God Using Profanity


A couple of years ago, I had a conversation with a Pentecostal minister I know–or used to know. He is an Assemblies of God minister, and we were discussing the Bible as we often did, which was not always a fun thing to do because he took the stance that he was always right in whatever he asserted, even when he had no scholarship or evidence to back it up, and that if I disagreed, I was wrong, even though I could back up what I was saying with scholarship and evidence.

So we were in a coffee shop we both frequented and talking shop and somehow were discussing Philippians, and I mentioned that I love that book because St. Paul uses bad language–probably from spending all that time with sailors.


He was offended at the idea that St. Paul, who to him is just Paul, or maybe the Apostle Paul, would ever utter profanity. So I explained to him that St. Paul uses the word σκύβαλον (skubalon), which means “shit.” St. Paul says that he counts his former life as shit compared to the life he now has in Christ. I even explained to him, as it was explained to me by my mentor and New Testament professor, that the Greeks were apparently more obsessed with waste than we are because they had more words for it. You can always tell how important something is in a culture by how many different words they have for something (for instance, the Inuit have like hundreds of words for “snow”). I explained that if you arranged all the words on a continuum, ranging from the most polite form — possibly “manure” — and went to the must vulgar, we would end with “shit” but the Greeks would keep going, and σκύβαλον is far more vulgar and offensive than the most vulgar and offensive word we have in English. And since our job in translation is to translate what the documents say as best we can (not what we want them to say, but what they actually say) I have to say it in the most vulgar way I can to accurately translate it.

Well he was not pleased. He said he understood my point, but that it was still wrong to have St. Paul say the thing he said, or as close as I could say it in English. “After all, you could make the point without resorting to profanity” was his argument.

And I agree. You could render it into English without using the word “shit”–but it is what St. Paul said. And that is important to me, not just because I’m an egg-head, but because Paul is a Saint, and saints sometimes use profanity to make a point. He speaks the language of the people he is dealing with because that’s how they talk. He addresses them where they are, not where he decides they should be–certainly not where we decide they should be, and certainly not where this minister decided we, St. Paul, and the Philippians should be.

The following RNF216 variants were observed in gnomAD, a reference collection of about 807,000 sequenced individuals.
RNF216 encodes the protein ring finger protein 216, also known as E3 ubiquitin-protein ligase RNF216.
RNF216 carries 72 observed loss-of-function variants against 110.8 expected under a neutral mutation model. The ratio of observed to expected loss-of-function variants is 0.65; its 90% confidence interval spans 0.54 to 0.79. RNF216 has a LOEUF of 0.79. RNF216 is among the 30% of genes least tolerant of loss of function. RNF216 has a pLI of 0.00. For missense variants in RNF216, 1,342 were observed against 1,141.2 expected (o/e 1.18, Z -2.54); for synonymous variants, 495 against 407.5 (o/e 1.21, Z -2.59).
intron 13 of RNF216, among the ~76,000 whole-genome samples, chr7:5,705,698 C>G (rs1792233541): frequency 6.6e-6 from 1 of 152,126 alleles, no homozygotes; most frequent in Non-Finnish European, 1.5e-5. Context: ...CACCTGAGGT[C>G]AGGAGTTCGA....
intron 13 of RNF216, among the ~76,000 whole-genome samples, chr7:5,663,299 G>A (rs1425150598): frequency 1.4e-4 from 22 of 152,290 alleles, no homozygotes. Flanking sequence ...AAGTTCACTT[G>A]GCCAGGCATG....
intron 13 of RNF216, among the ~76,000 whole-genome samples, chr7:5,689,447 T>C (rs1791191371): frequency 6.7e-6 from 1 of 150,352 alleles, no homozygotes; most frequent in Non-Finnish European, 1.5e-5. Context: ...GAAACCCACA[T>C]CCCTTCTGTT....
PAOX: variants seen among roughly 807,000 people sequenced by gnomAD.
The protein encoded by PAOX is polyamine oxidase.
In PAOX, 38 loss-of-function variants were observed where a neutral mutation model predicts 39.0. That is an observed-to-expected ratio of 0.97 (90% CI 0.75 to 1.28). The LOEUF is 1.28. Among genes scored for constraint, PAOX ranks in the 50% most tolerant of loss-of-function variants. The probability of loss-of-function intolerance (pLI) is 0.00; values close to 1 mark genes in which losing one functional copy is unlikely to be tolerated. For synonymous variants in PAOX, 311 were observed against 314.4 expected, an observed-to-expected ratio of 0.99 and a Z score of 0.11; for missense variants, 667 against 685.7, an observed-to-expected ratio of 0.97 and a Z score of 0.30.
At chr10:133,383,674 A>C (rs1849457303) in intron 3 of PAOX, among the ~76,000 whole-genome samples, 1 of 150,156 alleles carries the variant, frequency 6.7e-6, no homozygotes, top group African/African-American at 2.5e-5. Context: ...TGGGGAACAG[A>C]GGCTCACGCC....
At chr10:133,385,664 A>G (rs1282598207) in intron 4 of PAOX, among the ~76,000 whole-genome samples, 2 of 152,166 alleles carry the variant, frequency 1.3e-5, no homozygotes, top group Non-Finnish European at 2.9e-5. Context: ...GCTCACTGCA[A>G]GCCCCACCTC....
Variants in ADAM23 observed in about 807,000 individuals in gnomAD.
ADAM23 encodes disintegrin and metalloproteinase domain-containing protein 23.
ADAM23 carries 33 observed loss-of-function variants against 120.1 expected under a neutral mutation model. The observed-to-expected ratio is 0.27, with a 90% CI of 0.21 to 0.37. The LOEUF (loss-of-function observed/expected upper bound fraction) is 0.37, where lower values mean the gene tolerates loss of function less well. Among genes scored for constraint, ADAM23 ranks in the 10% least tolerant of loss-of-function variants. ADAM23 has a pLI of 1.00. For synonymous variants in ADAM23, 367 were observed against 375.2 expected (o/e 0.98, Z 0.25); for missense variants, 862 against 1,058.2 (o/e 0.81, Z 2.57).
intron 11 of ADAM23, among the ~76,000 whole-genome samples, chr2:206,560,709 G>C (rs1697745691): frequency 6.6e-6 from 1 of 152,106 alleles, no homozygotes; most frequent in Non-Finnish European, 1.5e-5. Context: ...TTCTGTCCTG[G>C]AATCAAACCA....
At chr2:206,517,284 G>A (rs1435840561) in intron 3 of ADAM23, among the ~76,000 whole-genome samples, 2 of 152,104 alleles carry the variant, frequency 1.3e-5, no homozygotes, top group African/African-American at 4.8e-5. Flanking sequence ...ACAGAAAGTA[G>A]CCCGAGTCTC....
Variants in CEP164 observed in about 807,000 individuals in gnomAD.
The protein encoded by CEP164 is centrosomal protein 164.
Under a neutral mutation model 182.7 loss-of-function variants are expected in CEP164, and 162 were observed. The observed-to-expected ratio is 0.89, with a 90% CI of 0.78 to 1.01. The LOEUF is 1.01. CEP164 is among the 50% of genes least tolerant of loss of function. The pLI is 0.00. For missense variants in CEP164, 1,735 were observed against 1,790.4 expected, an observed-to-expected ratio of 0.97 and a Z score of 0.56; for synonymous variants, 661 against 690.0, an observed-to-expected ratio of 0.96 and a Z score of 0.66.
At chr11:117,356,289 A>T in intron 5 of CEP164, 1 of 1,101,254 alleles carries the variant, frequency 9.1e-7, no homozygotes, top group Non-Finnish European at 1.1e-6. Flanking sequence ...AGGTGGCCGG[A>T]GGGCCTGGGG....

So this went on for a while and finally I had to ask something that was bothering me.

“You believe that the Bible is inerrant, yes?”

“Yes,” he proudly replied.

“More than that, you believe that the Bible is, not only the Word of God as a principle, but the very literal words of God, yes?”

“Yes,” he proudly replied once more.

“Well, there’s where I’m confused. If God dictated the Bible to the people who wrote it, and it’s infallible, and it is both the Word and words of God, why are you refusing to let God use the word that God chose to be used in that place?”

His head snapped back like I punched him in the jaw.

“If God isn’t offended by the word, why are you? Do you think it is your job to censor God or clean up His language?”

“No, of course not.”

“But isn’t that what you’re doing? God said “shit” through St. Paul, and because you don’t like the word, you’re offended by me translating the word that God chose to use, while at the same time saying you believe the words are God’s words. If the word is good enough for God, why isn’t it good enough for you?”

He paused for a minute and thought about what I just said. The conversation ended quickly after that with him telling me that I had given him a lot to think about; yet, I could tell that he wasn’t happy about it.

It turned out to be another example of what a friend of mine in seminary told me years before: “You always make me think, and that really pisses me off!”



Leave a Reply

Fill in your details below or click an icon to log in:

WordPress.com Logo

You are commenting using your WordPress.com account. Log Out /  Change )

Google+ photo

You are commenting using your Google+ account. Log Out /  Change )

Twitter picture

You are commenting using your Twitter account. Log Out /  Change )

Facebook photo

You are commenting using your Facebook account. Log Out /  Change )


Connecting to %s

%d bloggers like this: